Dr. Dmitri Kopeliovich
Sliding friction is significantly reduced by an addition of a lubricant between the rubbing surfaces.
Engine bearings are lubricated by Engine oils constantly supplied in sufficient amounts to the bearings surfaces.
Lubricated friction is characterized by the presence of a thin film of the pressurized lubricant (squeeze film) between the surfaces of the bearing and the journal.
The ratio of the squeeze film (oil film) thickness h to the surface roughness Ra determines the type of the lubrication regime:
A constant contact between the friction surfaces at high surface points (microasperities) occurs at boundary lubrication.
This regime is the most undesirable since it is characterized by high coefficient of friction (energy loss), increased wear, possibility of seizure between the bearing and journal materials , non-uniform distribution of the bearing load (localized pressure peaks). Very severe engine bearing failures are caused by boundary lubrication.
Conditions for boundary lubrication are realized mainly at low speed friction (engine start and shutdown) and high loads.
Extreme pressure (EP) additives in the lubricant prevent seizure conditions caused by direct metal-to-metal contact between the parts in the boundary lubrication regime.
An intermittent contact between the friction surfaces at few high surface points (microasperities) occurs at mixed lubrication.
Mixed lubrication is the intermediate regime between boundary lubrication and hydrodynamic friction.
High rotation speed at relatively low bearing loads results in hydrodynamic friction, which is characterized by stable squeeze film (oil film) between the rubbing surfaces.
No contact between the surfaces occurs in hydrodynamic lubrication.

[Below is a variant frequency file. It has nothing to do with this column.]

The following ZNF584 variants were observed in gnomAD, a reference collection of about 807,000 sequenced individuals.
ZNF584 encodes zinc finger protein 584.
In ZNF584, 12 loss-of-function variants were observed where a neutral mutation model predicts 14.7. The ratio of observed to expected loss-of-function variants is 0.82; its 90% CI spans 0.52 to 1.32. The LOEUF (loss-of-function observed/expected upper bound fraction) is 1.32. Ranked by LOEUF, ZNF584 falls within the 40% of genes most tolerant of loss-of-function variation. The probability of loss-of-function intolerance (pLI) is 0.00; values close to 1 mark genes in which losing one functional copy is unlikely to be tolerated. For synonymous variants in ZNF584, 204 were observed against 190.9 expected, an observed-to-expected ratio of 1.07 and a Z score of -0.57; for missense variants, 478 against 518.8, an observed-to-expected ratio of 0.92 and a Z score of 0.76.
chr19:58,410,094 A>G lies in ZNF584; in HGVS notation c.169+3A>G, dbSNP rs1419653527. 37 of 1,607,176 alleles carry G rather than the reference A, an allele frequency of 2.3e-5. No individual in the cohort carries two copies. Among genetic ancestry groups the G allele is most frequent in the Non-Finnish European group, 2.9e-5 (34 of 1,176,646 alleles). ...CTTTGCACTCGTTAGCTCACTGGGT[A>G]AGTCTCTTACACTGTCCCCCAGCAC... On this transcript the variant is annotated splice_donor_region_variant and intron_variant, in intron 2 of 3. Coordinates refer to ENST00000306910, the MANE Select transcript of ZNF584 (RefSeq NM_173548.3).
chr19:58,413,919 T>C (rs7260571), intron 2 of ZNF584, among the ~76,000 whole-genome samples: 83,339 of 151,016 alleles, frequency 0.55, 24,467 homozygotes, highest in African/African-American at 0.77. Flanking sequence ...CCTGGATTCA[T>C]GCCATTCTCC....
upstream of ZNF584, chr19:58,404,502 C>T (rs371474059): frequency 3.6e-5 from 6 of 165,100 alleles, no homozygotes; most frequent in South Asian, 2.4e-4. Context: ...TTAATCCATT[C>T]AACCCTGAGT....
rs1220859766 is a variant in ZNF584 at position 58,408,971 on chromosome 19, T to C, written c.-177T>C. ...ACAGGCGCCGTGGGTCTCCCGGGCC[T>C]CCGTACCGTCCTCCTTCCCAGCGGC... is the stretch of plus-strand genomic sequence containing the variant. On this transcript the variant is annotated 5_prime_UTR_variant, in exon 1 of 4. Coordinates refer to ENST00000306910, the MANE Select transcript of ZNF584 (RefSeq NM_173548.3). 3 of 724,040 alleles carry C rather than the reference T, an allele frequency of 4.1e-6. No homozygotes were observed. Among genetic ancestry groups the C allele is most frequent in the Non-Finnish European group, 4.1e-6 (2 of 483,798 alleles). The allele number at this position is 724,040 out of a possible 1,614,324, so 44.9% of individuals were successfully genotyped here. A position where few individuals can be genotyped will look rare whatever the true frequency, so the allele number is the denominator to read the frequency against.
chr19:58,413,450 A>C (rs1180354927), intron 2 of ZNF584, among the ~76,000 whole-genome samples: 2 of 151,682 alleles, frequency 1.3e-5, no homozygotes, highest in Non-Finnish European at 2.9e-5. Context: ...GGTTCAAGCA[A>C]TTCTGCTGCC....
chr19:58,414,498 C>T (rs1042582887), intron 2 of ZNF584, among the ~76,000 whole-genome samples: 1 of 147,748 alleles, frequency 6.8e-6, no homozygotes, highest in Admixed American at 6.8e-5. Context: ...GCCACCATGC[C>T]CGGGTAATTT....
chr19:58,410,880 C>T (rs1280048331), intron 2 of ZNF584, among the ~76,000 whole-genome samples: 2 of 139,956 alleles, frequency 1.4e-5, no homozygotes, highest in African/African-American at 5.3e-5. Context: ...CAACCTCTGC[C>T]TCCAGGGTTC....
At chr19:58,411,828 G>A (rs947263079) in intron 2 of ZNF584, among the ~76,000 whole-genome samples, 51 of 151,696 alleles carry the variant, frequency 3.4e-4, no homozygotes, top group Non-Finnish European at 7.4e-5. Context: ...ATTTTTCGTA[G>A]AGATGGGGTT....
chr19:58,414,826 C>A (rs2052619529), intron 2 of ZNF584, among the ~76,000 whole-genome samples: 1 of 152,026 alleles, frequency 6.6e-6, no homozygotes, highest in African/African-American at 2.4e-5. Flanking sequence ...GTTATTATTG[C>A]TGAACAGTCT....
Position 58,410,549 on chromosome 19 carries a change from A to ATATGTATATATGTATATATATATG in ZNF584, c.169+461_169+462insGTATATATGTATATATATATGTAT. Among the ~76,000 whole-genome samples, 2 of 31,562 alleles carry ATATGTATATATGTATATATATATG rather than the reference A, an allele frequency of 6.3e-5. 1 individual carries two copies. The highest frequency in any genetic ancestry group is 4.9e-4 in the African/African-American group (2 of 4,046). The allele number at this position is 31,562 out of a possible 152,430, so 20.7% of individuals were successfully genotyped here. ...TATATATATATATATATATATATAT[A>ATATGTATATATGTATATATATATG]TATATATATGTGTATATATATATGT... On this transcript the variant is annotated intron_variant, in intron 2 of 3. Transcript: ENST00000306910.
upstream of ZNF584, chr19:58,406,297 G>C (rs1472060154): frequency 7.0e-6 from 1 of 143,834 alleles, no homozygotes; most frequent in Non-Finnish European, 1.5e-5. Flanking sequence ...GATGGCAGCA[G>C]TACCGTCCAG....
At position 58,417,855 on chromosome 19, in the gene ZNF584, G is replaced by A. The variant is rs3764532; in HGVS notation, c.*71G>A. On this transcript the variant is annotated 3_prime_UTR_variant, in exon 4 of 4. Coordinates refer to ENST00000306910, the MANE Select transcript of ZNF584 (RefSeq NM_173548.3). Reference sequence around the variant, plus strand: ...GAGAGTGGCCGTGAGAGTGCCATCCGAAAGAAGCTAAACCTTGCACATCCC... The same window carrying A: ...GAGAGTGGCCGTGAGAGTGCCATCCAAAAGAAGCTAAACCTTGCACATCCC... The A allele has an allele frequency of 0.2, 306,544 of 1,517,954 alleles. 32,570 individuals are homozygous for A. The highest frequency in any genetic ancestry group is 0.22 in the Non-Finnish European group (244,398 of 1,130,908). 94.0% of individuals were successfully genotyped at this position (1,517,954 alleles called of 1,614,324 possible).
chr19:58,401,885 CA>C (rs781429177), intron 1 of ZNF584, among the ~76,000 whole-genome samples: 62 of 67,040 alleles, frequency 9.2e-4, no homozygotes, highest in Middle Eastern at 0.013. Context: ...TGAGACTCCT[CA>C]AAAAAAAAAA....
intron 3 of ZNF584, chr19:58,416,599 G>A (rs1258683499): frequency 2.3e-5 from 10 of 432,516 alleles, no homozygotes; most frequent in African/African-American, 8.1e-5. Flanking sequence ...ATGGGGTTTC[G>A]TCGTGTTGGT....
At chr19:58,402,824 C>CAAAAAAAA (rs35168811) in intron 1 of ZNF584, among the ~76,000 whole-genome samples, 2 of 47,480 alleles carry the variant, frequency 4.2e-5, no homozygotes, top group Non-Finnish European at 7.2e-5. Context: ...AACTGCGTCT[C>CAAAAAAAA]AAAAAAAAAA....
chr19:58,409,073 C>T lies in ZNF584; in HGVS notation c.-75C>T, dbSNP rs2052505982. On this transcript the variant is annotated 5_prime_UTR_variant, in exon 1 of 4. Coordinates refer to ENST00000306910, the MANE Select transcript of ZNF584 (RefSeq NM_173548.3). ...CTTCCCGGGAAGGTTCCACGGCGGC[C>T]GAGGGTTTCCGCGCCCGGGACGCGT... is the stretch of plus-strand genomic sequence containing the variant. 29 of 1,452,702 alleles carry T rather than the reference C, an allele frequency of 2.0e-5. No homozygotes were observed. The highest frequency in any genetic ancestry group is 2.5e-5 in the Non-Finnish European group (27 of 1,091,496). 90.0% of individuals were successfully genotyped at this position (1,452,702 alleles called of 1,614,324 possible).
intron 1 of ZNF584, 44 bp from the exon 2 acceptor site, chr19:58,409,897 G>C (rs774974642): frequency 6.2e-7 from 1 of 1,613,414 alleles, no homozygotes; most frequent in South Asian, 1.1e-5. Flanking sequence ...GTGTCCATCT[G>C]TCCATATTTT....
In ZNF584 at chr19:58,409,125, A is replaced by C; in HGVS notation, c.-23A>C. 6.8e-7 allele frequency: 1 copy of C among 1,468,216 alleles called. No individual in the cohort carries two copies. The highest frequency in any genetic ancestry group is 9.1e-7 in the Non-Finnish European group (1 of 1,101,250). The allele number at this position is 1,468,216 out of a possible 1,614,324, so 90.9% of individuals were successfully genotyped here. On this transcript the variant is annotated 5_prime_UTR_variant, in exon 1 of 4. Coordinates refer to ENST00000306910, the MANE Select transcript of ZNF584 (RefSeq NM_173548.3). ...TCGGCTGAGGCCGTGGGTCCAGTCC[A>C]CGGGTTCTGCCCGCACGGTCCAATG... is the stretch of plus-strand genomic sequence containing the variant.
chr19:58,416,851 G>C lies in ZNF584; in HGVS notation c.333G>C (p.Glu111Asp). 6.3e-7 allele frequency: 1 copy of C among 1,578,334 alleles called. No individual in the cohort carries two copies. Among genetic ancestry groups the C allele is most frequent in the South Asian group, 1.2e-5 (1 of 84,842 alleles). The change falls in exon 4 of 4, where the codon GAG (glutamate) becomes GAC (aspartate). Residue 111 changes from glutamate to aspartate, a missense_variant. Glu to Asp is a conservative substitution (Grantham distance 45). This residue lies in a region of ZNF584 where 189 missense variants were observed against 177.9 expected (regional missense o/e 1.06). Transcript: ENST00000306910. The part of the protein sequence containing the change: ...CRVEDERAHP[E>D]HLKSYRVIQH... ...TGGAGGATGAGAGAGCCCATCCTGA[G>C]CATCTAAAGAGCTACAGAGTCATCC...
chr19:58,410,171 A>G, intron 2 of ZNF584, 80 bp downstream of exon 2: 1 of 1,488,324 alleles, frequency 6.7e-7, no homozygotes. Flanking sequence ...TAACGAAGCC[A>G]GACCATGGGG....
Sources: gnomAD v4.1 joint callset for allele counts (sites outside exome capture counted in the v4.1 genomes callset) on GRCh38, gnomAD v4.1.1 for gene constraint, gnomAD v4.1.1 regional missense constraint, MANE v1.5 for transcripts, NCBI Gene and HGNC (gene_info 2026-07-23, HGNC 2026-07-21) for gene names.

The squeeze film keeps the surfaces of the bearing and the shaft apart due to the force called hydrodynamic lift generated by the lubricant squeezed through the convergent gap between the eccentric journal and bearing.
Bearings working under the conditions of hydrodynamic lubrication are called hydrodynamic journal bearings.
The three lubrication regimes are clearly distinguished in the Striebeck curve (see the figure above), which demonstrates the relationship between the coefficient of friction and the bearing parameter η*N/pav (η - dynamic viscosity of the lubricant, N - rotation speed, pav - average bearing pressure).
Stability of different lubrication regimes may be explained by means of the Striebeck curve:
Temperature increase due to heat generated by friction causes drop of the lubricant viscosity and the bearing parameter.
According to the Striebeck curve decrease of the bearing parameter in mixed regime causes increase of the coefficient of friction followed by further temperature rise and consequent increase of the coefficient of friction. Thus mixed lubrication is unstable.
Increase of the bearing parameter due to temperature rise (lower viscosity) in hydrodynamic regime of lubrication causes the coefficient of friction to drop with consequent decrease of the temperature. The system corrects itself. Thus hydrodynamic lubrication is stable.